Two grants totaling $45,000 will help to preserve rare musical recordings in the Southern Folklife Collection (SFC) at UNC’s Wilson Special Collections Library. The recordings include performances by traditional North Carolina musicians Elizabeth “Libba” Cotten and Arthel Lane “Doc” Watson.
Using awards from the GRAMMY Foundation ($20,000) and the National Recording Preservation Foundation ($25,000), the SFC will create archival copies of the fragile recordings and place them online for the first time.
“These sounds are a national treasure,” said Steve Weiss, curator of the SFC. “We cannot wait to bring them to fresh generations of listeners, researchers, students, and fans.”
The materials will be accessible online through the Southern Folklife Collection website at http://library.unc.edu/wilson/sfc/ beginning in October of this year. Users will need to be on the UNC campus in order to stream the recordings.
GRAMMY Foundation: McCabe’s Guitar Shop Collection
In 2015, the SFC acquired more than 2,000 audio recordings of live performances that took place at McCabe’s Guitar Shop in Santa Monica between 1967 and 2008.
McCabe’s has long been an iconic and intimate venue for leading roots music artists, including Libba Cotten, Ramblin’ Jack Elliott, John Fahey, John Hammond, Bill Monroe, Odetta, Jean Ritchie, Dave Van Ronk, Mike Seeger, Ralph Stanley, Merle Travis, Doc Watson, Kate Wolf, and Townes Van Zandt.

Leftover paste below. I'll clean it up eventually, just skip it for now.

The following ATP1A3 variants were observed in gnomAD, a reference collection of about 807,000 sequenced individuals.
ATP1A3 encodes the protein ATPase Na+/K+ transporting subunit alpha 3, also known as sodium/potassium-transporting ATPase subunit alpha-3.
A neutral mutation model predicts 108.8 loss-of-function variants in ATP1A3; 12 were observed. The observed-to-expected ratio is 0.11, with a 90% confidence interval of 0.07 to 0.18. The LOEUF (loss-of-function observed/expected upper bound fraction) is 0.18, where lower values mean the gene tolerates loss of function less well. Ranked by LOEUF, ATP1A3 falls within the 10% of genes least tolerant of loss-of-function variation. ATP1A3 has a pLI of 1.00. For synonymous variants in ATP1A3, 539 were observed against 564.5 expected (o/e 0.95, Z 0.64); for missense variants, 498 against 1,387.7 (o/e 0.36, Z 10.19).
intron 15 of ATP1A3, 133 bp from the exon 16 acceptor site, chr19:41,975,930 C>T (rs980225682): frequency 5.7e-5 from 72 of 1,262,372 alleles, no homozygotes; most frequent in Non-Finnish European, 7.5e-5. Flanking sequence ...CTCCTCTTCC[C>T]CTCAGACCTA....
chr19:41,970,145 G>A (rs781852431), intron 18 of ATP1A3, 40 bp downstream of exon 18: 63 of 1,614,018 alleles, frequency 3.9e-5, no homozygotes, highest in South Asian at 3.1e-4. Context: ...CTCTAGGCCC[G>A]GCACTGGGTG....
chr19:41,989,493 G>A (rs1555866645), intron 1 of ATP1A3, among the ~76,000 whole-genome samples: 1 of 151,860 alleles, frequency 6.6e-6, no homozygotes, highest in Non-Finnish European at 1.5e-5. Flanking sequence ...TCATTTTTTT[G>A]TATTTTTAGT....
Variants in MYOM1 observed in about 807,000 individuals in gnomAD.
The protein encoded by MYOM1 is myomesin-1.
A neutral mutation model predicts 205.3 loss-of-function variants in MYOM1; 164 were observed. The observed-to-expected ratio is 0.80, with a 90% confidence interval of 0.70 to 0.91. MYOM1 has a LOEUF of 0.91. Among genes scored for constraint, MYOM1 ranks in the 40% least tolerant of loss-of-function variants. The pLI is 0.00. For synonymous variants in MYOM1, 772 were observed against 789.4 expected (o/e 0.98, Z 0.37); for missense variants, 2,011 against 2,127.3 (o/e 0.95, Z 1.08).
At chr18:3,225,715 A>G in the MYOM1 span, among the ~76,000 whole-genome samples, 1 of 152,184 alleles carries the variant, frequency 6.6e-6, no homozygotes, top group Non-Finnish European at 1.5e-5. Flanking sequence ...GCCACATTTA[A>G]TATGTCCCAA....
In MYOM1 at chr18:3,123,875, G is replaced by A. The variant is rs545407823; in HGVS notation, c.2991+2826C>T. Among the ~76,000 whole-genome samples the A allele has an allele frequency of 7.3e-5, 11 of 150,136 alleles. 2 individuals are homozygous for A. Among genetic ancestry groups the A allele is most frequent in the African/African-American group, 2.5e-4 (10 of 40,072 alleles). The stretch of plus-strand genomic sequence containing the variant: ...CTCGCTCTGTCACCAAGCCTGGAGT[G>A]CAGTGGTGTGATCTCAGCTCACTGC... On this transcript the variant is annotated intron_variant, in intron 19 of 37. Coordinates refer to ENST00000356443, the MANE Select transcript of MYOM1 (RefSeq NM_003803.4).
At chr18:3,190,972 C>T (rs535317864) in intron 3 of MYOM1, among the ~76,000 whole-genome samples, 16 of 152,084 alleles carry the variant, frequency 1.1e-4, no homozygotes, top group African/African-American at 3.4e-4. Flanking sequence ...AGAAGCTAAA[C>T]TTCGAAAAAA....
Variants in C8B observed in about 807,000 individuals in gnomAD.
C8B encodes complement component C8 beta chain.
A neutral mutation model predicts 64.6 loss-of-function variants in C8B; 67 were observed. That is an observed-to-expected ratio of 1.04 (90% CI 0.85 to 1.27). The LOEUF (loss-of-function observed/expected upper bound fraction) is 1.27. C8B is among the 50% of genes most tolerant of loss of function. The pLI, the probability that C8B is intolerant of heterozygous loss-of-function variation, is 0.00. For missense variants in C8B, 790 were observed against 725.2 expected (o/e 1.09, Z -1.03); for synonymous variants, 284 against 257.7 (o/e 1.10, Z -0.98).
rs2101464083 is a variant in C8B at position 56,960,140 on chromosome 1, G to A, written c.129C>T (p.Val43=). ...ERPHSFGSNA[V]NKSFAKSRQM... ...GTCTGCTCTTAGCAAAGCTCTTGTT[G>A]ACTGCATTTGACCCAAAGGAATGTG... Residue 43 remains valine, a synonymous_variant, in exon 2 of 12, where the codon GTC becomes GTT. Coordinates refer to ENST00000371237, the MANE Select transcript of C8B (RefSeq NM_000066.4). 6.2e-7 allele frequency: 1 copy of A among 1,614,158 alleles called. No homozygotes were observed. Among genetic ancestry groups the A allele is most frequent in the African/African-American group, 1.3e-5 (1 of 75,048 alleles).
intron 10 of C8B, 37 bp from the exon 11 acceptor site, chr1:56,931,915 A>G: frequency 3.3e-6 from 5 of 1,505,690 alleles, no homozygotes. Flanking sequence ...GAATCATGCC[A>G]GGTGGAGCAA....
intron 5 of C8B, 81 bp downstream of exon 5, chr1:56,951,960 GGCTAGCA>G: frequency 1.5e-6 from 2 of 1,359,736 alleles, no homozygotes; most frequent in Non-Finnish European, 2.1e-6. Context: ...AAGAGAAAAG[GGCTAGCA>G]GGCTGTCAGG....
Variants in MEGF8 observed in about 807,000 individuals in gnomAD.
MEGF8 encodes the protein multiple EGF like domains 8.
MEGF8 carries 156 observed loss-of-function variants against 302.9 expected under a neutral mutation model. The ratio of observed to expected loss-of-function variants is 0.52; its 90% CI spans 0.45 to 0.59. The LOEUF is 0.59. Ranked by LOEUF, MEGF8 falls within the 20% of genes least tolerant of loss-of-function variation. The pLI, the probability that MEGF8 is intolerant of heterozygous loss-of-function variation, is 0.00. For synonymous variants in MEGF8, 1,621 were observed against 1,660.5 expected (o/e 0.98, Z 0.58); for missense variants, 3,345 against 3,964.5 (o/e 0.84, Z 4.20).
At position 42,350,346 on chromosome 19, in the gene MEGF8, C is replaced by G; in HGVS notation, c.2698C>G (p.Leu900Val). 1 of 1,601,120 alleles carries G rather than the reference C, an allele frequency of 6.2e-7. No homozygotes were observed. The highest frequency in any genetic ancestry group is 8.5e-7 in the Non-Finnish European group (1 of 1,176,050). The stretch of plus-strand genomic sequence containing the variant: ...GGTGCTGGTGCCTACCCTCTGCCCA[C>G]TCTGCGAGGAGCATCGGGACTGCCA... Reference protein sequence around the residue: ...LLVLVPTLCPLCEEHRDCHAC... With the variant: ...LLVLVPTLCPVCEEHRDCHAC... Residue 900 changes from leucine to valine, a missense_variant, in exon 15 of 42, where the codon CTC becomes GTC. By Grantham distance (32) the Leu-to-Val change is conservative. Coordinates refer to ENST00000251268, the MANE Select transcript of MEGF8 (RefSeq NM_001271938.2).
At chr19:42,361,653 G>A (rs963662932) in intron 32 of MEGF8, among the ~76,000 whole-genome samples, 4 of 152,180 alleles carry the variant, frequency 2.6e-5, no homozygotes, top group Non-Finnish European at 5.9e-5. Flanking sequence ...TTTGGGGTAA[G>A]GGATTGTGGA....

“It was important that these taped recordings, which are old and fragile and have significant scholarly value, go to a place where they would be carefully conditioned and conserved,” McCabe’s owner Bob Riskin said upon donating the thousands of hours of recordings. “When I began to think of who should receive the gift, several knowledgeable people I respect, including my sound engineers, all said the best choice would be the University of North Carolina.”
The SFC will use the grant from the GRAMMY Foundation to place the entirety of the McCabe’s Guitar Shop Collection online.
National Recording Preservation Foundation: Music from the True Vine: Preserving the Mike Seeger Collection
Mike Seeger (1933-2009) was part of the first family of American folk music. His parents, Ruth Crawford Seeger and Charles Seeger, assisted John and Alan Lomax at the Archive of American Folksong in the Library of Congress. His brother Pete and sister Peggy were musicians. In 1958, Mike Seeger helped form the New Lost City Ramblers, a trio that influenced several generations of musicians, including Bob Dylan.
From the 1950s through the early 2000s, Mike Seeger also collected interviews, made field and studio recordings of musicians, and documented live performances. A number of his field recordings served as masters for the classic releases that he produced for Folkways Records (now Smithsonian Folkways) and Rounder Records.
The Mike Seeger Collection provides invaluable documentation of the folk revival movement and captures historic performances by artists that include Elizabeth Cotton, Hazel Dickens, Tommy Jarrell, Bill Monroe, Roscoe Holcomb, and Almeda Riddle.
Through this project, the SFC will digitize and make available more than 600 hours of recordings from the Mike Seeger Collection.
- Southern Folklife Collection
- Rare Recordings of Music Greats Come to Southern Folklife Collection
- 2016 GRAMMY Foundation Grant Recipients
- National Recording Foundation Awards Grant to Preserve Mike Seeger Collection